Matilda and Richard met while they were waiting in line for antiretroviral (ARV) drugs at a health clinic in Nayamingo, Uganda. Although such a place is not usually associated with romance, by virtue of where they met, the pair had already established what many never do: they knew their own and each other’s HIV status. When they learned that they shared single status as well, they bonded over their struggle with and gradual acceptance of living with HIV, and became a couple.
Richard, a fisherman, was living in the Sigulu Islands. When he got sick, his parents convinced him to come home to the main land so he could get medical care. Richard, who had become so weak that he could no longer fish, heeded his parent’s advice. Upon returning home, Richard visited a health center supported by the USAID-funded STAR-EC project, where health workers were trained in HIV testing and counseling. When Richard tested positive, a STAR-EC-trained health worker reassured him that he could survive and live a healthy life as long as he started and stayed on HIV treatment, and registered Richard on a 1-pill-per-day regimen. Within a few months of faithfully taking his medication, Richard began to feel like himself again.
Meeting and falling in love with Matilda was another positive side-effect of the treatment. “I never expected anything good to come of knowing my status, much less having HIV. But it led to me meeting and having two healthy children with Matilda,” said Richard.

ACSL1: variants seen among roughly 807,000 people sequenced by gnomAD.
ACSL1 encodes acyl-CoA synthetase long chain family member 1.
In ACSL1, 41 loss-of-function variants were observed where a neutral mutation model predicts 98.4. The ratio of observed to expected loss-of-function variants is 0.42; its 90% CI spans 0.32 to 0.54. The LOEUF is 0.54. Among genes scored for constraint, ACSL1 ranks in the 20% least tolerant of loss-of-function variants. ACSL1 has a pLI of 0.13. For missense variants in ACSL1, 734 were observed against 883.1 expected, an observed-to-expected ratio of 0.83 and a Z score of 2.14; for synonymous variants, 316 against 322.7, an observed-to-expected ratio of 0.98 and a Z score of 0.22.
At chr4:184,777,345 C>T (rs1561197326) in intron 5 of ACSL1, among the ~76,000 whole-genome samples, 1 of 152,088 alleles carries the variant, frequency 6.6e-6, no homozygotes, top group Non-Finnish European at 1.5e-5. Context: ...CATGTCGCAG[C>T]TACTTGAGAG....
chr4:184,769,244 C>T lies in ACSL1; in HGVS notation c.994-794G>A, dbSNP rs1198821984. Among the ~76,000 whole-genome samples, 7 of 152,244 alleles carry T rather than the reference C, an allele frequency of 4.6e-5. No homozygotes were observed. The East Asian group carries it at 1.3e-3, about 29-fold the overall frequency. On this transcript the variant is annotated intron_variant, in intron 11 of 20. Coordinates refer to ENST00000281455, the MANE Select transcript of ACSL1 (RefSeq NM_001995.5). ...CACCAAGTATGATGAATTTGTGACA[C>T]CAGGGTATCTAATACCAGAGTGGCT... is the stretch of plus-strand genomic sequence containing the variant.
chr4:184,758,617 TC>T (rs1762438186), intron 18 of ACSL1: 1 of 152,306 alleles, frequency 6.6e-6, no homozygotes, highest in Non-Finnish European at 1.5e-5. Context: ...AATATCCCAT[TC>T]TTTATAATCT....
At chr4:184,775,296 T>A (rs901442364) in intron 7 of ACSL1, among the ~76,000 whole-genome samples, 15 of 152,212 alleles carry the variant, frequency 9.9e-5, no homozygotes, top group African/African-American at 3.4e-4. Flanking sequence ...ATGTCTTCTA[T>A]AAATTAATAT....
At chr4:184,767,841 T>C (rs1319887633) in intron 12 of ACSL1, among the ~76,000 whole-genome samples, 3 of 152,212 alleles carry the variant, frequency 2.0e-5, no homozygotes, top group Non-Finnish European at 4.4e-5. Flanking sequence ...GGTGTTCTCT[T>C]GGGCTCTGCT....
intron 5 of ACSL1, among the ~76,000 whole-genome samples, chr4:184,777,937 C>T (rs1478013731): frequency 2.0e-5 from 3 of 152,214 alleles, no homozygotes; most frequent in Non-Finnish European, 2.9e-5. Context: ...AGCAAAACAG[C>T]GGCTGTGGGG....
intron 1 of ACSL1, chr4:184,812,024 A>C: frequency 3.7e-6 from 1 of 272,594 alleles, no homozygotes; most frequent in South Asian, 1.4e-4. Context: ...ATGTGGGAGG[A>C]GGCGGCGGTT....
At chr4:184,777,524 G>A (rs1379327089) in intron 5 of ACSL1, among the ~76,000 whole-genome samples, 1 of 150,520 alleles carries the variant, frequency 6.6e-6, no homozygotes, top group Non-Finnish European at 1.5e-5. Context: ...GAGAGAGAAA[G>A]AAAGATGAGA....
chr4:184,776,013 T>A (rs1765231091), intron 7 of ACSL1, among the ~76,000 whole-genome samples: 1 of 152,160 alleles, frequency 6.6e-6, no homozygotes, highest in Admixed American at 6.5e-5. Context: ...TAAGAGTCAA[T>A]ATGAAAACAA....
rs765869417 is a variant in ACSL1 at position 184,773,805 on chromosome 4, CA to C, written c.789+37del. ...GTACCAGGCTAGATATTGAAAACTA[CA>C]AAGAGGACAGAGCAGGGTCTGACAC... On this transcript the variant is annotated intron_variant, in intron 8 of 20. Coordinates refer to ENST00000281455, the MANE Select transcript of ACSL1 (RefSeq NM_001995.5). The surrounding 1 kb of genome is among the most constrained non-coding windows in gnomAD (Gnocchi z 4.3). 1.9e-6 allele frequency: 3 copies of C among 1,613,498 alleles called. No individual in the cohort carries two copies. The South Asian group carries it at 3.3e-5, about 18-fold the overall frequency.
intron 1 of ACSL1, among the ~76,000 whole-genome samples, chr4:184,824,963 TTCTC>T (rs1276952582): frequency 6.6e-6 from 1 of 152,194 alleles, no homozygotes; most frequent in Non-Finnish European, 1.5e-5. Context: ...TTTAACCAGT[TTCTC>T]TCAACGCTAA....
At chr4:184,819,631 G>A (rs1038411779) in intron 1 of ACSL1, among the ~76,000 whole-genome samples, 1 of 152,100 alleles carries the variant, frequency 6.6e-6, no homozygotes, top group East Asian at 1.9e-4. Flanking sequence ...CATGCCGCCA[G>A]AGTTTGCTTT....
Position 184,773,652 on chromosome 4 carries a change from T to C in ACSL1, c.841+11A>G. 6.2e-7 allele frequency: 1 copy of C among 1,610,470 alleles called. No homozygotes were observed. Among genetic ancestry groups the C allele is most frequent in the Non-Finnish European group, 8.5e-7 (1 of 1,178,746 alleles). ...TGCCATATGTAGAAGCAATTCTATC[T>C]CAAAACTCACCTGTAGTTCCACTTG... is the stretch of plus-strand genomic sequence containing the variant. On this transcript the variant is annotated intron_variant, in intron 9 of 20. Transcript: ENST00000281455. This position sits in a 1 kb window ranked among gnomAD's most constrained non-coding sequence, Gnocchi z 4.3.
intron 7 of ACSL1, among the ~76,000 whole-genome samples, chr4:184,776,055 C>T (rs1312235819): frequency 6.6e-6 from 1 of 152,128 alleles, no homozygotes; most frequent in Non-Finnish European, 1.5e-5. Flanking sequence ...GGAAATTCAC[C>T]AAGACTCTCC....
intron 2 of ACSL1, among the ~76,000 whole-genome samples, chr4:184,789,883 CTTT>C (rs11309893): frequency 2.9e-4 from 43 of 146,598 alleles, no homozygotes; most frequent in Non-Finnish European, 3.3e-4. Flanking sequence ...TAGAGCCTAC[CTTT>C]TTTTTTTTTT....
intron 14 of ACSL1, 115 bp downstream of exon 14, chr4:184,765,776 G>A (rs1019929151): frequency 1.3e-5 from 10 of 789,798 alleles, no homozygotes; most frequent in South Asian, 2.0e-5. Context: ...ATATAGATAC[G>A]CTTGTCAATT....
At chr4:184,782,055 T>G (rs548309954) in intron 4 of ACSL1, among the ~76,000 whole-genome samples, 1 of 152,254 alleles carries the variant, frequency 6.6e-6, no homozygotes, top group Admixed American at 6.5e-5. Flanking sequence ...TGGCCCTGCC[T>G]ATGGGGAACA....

Despite the fact that Richard and Matilda were in treatment, their first child was born with HIV because Matilda was not yet fully adherent to her medication regime. She is now, however, and the child is, too. Both are healthy. By the time their second child was born, Matilda was taking her medications regularly and the baby was HIV-negative.
The health and well-being of Richard and Matilda’s family relies on their access to the medication that manages HIV and keeps them from getting sick. The health center where the family retrieves its medication is consistently stocked with ARVs, thanks to the support of the STAR-EC project, which has built the capacity of health centers to deliver ARVs throughout the region. In five years of project implementation, STAR-EC increased the number of health centers that are accredited to distribute ARVs from 43 to 95.
“The health center has never turned us away because they lacked medication,” explained Matilda. “We go there every month and each time come away with our pills.”
Richard’s parents did not turn on their son—or his new wife—because of their status. They are proud grandparents who remind their son and his family of their medical appointments and to take their medication every day.
As Matilda said, “Richard’s parents help us take care of ourselves, each other, and our children. Together we live with HIV.”